Tuesday, July 20, 2010

New gel dramatically cuts HIV infection rate in women

At the International AIDS Conference in Vienna this week, researchers unveiled the results of a two year study in South Africa on the effectiveness of a new vaginal gel containing tenofovir, an antiretroviral microbicide that slows down the growth rate of the HIV virus.

The study followed 889 sexually active female participants, half of whom received the gel containing tenofovir while the other half received a placebo. The gel was able to reduce the infection rate in women by 50% over a 12 month period. The gel can be applied up to 12 hours before intercourse and is completely unnoticeable to male partners. The gel is thus highly empowering to women, who can take charge of their sexual safety without the consent of a man. Medical professionals cheered when the results of the study were revealed last month at a medical conference in Durban, South Africa.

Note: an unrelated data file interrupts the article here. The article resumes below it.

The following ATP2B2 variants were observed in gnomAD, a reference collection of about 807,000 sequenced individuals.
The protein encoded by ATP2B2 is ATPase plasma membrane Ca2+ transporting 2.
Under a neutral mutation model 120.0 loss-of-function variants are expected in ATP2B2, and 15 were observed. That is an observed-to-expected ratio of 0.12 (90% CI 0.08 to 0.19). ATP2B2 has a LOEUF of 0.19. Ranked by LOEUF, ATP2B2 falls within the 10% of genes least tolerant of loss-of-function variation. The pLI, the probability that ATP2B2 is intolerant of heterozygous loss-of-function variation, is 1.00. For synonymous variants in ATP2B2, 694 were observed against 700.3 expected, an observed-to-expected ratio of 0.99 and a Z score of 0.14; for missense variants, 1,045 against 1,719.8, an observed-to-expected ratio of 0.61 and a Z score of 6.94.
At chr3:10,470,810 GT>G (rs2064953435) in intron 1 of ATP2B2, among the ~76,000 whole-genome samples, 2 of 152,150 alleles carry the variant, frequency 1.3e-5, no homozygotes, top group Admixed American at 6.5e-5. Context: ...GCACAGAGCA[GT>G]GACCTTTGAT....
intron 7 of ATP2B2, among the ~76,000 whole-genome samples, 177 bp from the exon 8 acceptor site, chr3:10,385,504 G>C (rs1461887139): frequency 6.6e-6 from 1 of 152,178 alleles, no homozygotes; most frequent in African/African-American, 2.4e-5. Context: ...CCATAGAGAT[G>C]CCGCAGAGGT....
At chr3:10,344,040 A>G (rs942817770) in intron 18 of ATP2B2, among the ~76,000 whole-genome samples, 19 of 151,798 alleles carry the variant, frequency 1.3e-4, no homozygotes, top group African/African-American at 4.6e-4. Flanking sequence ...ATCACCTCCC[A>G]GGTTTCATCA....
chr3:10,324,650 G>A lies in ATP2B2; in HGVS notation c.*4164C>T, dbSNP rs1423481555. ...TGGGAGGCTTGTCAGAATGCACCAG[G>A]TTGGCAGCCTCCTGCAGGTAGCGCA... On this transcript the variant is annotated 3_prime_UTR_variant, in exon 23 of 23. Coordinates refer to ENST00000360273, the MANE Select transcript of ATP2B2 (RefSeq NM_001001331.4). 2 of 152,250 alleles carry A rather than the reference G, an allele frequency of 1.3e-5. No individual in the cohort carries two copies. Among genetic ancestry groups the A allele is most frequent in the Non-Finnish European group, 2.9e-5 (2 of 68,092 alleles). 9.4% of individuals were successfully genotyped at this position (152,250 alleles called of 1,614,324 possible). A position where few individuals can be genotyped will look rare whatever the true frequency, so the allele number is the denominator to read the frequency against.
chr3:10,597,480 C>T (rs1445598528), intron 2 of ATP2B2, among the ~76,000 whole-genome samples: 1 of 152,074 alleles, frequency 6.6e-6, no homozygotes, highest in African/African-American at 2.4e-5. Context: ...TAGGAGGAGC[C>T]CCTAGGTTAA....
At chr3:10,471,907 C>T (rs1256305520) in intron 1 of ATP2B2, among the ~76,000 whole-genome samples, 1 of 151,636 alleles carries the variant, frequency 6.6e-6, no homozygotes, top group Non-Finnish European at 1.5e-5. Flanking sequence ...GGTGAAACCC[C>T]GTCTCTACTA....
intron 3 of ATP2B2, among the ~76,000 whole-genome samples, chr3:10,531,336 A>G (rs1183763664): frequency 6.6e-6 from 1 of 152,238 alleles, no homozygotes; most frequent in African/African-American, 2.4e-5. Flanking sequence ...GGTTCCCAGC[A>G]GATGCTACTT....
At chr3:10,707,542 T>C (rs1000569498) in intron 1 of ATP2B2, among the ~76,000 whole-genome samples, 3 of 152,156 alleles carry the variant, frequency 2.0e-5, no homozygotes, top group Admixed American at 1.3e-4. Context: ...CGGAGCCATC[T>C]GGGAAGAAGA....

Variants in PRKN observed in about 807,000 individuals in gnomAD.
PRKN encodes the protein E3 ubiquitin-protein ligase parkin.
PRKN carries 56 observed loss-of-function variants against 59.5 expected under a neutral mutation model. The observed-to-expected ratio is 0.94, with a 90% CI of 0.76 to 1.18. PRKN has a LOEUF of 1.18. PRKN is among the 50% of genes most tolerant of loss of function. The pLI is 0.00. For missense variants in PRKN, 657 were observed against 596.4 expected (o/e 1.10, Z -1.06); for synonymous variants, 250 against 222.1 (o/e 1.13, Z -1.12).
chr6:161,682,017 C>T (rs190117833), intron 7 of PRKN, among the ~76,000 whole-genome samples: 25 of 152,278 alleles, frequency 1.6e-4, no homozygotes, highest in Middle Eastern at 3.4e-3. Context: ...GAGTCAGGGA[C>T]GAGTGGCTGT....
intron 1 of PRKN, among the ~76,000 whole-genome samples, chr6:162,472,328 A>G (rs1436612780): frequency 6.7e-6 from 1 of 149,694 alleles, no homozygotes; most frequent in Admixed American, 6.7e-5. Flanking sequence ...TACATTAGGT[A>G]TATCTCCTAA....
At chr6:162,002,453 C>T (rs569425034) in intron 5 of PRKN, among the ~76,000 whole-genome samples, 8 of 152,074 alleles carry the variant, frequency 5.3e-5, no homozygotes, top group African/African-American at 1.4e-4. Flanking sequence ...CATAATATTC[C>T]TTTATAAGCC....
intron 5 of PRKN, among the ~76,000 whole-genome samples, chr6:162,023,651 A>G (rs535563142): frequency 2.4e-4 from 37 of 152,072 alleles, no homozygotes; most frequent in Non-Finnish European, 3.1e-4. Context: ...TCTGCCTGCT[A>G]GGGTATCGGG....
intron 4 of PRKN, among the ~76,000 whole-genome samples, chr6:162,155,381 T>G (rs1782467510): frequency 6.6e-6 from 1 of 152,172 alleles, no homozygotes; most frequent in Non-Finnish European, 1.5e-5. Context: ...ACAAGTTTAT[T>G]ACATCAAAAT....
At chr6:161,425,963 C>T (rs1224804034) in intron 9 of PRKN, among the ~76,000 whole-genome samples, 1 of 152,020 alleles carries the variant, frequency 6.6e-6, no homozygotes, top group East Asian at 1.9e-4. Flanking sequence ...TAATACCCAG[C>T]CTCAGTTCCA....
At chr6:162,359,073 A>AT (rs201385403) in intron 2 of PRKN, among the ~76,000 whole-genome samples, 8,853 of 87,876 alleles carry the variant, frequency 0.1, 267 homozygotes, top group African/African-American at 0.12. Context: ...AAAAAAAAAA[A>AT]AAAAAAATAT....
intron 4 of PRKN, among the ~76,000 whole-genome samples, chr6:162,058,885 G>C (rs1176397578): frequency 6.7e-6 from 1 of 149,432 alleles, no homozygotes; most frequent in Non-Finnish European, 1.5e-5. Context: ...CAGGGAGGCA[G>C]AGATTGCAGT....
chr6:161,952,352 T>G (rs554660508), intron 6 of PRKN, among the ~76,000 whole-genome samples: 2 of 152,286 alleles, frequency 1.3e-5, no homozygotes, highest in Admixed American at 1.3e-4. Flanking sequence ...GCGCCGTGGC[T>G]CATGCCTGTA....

Although the trials have been very successful, it will be at last two more years until the gel is available for general use. When it does become available to the general public, it will be able to appeal to many Western countries as well (the gel also reduces the risk of contracting genital herpes by 51%).

-Matthew Thwaites